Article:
Live Review: Allah-Las - EartH, London 02/10/2019
It was the second night of October and already things have started to take a turn for the ever looming colder. As London braced itself for a season of change something sunshine-compassed turned its psyched face towards the cities East end- we’re “not feeling yet quite so bad”, LA lovers Allah-Las have landed and things are going to get balmy again.
No venue more namely fitting than Hackney’s EartH could have been picked for a band who marvel in creating migratory music for the mind. Living wholly up to their revered reputation, the golden-garage four piece swam wave upon sensory wave of finely tuned devotion that washed splendidly over the buildings high-rising staircases before finding it’s comfort-spot in between the nooks and crannies of our now softly decorated, sandy souls.
The decision to open the night with instrumental crooner Sacred Sands was a confidently subtle choice that certainly didn’t disappoint those seeking constellatory chorded adventure from a band whose back catalogue stands the test of time. With a night of inventoried inspiration now ahead Allah-Las managed to charm over the crowd with rhythmic kisses of nostalgic sanctity and instantly transport us all back into a world of lapsteel-ed magic - one of which we’ll joyously bask in for days to come.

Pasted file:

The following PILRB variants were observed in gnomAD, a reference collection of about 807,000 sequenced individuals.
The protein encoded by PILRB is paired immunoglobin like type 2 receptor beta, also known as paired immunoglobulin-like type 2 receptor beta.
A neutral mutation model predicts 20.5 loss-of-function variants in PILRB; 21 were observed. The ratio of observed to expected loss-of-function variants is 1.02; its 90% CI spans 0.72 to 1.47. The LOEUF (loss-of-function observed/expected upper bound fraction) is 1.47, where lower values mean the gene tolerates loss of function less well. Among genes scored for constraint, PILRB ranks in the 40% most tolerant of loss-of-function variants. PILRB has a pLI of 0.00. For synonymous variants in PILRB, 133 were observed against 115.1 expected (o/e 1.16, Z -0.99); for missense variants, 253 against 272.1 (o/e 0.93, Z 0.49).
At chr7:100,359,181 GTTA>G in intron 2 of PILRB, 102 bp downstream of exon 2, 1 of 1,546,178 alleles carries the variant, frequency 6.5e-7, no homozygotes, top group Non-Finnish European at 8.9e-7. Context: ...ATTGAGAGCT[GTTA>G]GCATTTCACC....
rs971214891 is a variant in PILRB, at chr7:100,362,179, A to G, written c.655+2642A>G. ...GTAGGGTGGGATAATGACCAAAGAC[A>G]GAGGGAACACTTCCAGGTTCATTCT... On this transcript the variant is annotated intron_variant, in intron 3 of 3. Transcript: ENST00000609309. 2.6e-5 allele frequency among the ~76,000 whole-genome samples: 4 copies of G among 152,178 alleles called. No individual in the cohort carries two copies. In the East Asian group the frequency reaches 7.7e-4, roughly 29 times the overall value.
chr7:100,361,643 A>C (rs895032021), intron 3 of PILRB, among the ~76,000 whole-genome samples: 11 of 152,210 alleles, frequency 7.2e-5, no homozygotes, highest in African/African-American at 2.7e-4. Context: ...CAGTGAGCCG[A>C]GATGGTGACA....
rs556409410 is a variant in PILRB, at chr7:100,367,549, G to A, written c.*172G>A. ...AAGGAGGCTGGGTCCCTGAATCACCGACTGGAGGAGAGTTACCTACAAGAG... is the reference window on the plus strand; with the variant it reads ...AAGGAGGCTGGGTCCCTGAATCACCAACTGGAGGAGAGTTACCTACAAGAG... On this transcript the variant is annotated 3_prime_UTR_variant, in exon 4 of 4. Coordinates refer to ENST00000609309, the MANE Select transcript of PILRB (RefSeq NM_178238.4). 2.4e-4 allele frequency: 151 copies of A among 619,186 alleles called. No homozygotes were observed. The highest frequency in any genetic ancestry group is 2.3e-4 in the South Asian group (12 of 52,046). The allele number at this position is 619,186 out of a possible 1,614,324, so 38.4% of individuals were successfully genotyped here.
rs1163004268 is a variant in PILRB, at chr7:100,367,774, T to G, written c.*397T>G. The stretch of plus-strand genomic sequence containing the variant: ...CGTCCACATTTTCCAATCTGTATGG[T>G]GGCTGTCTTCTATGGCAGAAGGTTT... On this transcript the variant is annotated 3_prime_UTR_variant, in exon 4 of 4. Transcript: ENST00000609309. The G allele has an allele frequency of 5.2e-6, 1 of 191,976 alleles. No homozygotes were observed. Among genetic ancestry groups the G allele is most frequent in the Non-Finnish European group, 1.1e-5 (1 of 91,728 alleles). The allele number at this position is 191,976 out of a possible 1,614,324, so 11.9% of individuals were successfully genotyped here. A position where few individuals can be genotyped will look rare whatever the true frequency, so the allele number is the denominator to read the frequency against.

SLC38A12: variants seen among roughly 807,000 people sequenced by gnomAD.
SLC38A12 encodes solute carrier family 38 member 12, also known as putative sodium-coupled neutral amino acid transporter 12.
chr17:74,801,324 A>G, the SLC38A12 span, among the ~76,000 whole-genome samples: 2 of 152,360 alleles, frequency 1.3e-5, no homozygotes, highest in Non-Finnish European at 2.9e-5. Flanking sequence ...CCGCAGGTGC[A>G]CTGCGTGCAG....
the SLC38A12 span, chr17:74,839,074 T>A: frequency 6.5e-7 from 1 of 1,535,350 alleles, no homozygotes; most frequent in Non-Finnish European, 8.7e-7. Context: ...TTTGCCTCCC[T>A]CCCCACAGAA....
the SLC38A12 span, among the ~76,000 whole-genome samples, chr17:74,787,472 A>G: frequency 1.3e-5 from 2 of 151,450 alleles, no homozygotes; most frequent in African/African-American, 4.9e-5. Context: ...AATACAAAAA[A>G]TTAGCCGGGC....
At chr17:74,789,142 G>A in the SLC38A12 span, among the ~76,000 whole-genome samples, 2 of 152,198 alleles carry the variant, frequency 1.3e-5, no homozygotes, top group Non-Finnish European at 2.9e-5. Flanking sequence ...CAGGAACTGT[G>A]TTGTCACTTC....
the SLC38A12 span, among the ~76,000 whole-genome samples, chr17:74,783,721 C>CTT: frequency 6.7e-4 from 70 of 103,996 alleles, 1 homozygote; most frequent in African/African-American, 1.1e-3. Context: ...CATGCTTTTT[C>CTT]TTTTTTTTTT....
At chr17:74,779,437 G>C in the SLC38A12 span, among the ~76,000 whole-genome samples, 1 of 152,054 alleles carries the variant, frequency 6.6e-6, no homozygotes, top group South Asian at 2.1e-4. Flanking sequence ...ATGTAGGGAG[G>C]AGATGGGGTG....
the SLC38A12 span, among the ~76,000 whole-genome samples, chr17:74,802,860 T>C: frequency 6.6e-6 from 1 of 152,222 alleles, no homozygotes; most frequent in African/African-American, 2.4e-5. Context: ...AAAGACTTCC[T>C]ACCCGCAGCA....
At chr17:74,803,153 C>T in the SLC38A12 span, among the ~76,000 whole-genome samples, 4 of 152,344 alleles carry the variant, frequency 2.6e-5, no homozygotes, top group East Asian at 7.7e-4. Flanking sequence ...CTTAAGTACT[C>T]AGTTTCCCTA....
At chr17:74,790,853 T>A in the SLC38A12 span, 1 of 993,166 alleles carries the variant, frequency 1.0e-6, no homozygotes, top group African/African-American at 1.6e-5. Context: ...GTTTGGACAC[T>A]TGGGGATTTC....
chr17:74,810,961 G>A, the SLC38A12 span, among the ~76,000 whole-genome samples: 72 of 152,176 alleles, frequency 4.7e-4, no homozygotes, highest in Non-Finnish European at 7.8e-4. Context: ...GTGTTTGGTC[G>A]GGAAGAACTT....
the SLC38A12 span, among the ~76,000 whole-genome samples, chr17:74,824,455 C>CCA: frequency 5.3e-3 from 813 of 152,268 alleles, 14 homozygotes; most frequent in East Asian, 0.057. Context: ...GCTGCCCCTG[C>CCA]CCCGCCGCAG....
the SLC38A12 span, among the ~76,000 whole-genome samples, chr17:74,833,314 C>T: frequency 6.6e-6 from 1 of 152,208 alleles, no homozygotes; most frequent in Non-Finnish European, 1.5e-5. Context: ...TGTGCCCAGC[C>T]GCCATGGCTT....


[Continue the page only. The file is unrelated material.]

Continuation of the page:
Fish On The Sand (a George Harrison cover) made for a treat-ed breath of sing-along-air whilst other highlights included a grouped chooglin’ of live-body mighty enough to Worship The Sun with Had It All before a dip into the debut album rock-pool with Busman’s Holiday and No Voodoo.
As was to be expected but this was not just a night of remembrance. With album number four looming in the ever-so-near distance it was inevitable that mirages of newly teased tracks were to flood through the mysticisms and out into the open (and ‘oh boy were they appreciated to the gut wrenchingly groovy fullest). Re-appearing once again as the evocatively perfumed goodness we’ve come to wear with un-bottled adoration, the night drew to a close with Catamaran- a chiming collected star so bright we were still squinting from its long-journey dazzle even once the hall lights were switched back on.
Words by Al Mills, and Photography by Milly McAlister